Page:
March 4, 2019 - 10:52am
Event Date and Time: 
March 27, 2019 - 6:00pm

Library Community Health Talk

145,600 NEW CASES OF

Join Andrea Zucchiatti, MD on MARCH 27 AT 6PM
to learn about:

  • Colorectal Cancer Screenings
  • The Latest Trends in Care
  • Why This Matters in Our Community

Richmond Memorial Library
19 Ross Street, Batavia, NY 14020
Free to attend!
Call 585.344.5439 to register.

March 4, 2019 - 10:48am
Event Date and Time: 
April 10, 2019 - 7:00pm to 8:00pm

Stretch Your Soul This Lent
If you are longing for the gift of inner peace, we invite you to experience the power of inner stillness through stretching the body and attending to the soul. Join us during the season of Lent for contemplative prayer through chair yoga and Centering Prayer. No previous experience is necessary. The yoga will be very gentle that anyone with any level of ability could participate.

March 4, 2019 - 10:46am
Event Date and Time: 
April 3, 2019 - 7:00pm to 8:00pm

Stretch Your Soul This Lent
If you are longing for the gift of inner peace, we invite you to experience the power of inner stillness through stretching the body and attending to the soul. Join us during the season of Lent for contemplative prayer through chair yoga and Centering Prayer. No previous experience is necessary. The yoga will be very gentle that anyone with any level of ability could participate.

March 4, 2019 - 10:44am
Event Date and Time: 
March 27, 2019 - 7:00pm to 8:00pm

Stretch Your Soul This Lent
If you are longing for the gift of inner peace, we invite you to experience the power of inner stillness through stretching the body and attending to the soul. Join us during the season of Lent for contemplative prayer through chair yoga and Centering Prayer. No previous experience is necessary. The yoga will be very gentle that anyone with any level of ability could participate.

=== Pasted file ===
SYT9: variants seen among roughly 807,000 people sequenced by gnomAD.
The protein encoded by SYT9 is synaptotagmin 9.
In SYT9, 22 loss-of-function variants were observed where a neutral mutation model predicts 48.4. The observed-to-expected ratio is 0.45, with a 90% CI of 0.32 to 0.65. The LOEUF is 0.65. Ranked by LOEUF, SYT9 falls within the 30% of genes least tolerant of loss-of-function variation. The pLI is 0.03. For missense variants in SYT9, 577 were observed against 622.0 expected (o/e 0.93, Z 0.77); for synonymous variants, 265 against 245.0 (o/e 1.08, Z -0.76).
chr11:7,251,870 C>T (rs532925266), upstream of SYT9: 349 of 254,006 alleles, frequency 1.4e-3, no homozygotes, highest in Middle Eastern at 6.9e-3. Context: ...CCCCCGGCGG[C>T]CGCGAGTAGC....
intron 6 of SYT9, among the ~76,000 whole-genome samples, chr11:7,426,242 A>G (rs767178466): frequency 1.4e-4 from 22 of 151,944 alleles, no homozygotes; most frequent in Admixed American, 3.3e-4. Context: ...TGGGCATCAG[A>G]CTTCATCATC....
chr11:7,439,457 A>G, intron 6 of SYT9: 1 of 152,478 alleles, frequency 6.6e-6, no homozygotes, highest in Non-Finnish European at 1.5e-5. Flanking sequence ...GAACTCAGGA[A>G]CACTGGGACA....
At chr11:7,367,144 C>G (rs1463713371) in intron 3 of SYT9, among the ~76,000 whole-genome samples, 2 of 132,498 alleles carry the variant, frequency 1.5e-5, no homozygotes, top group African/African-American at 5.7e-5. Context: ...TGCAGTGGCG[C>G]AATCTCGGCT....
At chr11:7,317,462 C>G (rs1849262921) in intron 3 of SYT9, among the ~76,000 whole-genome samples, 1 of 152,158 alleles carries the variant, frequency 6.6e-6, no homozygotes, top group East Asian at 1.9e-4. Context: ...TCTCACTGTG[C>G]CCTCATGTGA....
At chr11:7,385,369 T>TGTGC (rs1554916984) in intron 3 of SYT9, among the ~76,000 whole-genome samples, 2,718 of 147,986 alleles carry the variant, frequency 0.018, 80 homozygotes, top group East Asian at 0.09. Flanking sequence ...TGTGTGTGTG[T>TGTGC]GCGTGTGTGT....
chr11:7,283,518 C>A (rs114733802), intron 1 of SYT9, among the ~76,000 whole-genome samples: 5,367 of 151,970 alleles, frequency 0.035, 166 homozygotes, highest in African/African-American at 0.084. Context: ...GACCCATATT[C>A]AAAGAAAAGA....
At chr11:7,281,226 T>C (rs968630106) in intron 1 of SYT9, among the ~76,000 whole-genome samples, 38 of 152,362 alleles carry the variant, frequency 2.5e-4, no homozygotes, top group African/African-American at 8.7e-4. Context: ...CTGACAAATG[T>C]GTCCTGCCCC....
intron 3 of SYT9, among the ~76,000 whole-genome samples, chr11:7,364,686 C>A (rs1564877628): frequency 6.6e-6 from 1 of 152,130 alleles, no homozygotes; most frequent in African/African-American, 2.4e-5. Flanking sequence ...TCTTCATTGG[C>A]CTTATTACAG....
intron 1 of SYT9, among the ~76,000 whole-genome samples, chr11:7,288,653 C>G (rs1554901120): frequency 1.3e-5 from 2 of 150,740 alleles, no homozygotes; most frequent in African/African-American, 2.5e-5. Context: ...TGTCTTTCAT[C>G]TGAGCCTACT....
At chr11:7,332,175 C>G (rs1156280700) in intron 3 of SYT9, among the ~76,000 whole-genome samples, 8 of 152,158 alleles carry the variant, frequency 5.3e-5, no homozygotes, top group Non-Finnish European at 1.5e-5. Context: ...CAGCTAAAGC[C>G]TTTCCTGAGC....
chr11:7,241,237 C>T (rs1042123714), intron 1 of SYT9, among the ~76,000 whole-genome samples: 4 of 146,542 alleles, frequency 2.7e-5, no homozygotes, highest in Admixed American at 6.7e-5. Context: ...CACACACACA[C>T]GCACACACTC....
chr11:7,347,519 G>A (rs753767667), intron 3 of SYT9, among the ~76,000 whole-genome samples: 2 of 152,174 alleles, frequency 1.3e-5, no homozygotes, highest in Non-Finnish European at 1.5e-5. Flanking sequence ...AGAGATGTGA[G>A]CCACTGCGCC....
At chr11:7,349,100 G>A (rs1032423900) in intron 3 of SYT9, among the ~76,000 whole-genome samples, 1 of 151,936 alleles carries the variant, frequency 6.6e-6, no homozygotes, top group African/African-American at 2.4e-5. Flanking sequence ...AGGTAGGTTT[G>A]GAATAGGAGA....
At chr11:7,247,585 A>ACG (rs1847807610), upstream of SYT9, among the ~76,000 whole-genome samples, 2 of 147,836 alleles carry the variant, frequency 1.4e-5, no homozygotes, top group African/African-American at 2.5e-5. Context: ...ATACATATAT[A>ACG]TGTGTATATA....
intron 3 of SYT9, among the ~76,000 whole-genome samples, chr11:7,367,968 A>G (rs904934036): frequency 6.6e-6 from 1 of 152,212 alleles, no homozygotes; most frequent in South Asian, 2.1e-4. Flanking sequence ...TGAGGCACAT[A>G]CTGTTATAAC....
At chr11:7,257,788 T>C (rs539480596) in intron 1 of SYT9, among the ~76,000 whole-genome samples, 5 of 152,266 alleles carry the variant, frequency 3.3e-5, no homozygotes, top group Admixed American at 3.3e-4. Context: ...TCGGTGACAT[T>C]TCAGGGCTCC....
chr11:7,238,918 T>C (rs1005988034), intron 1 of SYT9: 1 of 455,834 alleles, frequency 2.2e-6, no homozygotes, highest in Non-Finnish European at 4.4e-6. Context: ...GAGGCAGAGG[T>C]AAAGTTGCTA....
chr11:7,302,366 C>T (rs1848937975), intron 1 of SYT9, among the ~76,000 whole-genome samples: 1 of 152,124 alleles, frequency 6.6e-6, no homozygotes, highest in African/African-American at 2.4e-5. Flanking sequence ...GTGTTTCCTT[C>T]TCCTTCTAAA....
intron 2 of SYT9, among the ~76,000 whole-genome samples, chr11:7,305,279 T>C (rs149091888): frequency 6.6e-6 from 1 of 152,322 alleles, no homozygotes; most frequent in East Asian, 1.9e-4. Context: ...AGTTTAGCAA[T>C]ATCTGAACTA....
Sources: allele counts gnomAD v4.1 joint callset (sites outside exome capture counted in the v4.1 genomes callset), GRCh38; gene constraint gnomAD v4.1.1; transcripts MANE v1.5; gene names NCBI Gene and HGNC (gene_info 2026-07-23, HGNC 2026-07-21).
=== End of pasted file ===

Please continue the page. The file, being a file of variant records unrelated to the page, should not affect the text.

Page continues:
March 4, 2019 - 10:43am
Event Date and Time: 
March 20, 2019 - 7:00pm to 8:00pm

Stretch Your Soul This Lent
If you are longing for the gift of inner peace, we invite you to experience the power of inner stillness through stretching the body and attending to the soul. Join us during the season of Lent for contemplative prayer through chair yoga and Centering Prayer. No previous experience is necessary. The yoga will be very gentle that anyone with any level of ability could participate.

February 12, 2019 - 3:11pm
From the GOW Opioid Task Force:
The GOW (Genesee, Orleans, Wyoming) Opioid Task Force is excited to announce the opportunity to become a Peer Recovery Coach.
This training has been grant funded by the Health Resources and Service Administration and therefore is FREE.
Trainees should have a high school diploma or equivalent and lived experience is preferred -- in recovery, affected family member, experience working in the SUD/Recovery field.
Training is six-weeks in length (46 hours total) and you must commit to completing the program. Space is limited!
Training will take place at the Lake Plains Community Care Network at 575 E. Main St. in Batavia. Please check out the website and flier for more information here.
As part of the Community Based Recovery Support Training Project, training is offered to a select group of committed community members seeking to achieve NYS Peer Recovery Professional Certification.
This enables them to serve families and individuals affected by Substance Abuse Disorder with evidence-based recovery supports, skills and strategies.
The workshop facilitators are Lori Drescher (CARC, RCP) and Keith Greer (LCSW, PCC, PRC), who are professional coaches, recovery advocates and facilitators with a combined 55 years of experience.
If you have specific questions please contact Charlotte Crawford at [email protected] or by phone 585-345-6110.
February 6, 2019 - 10:33am
posted by Howard B. Owens in flu, news, health, UMMC.

Press release:

To help reduce further transmission of influenza, Rochester Regional Health is instituting visitor restrictions for the following hospitals:

  • United Memorial Medical Center
  • Rochester General Hospital (Rochester) 
  • Unity Hospital (Greece)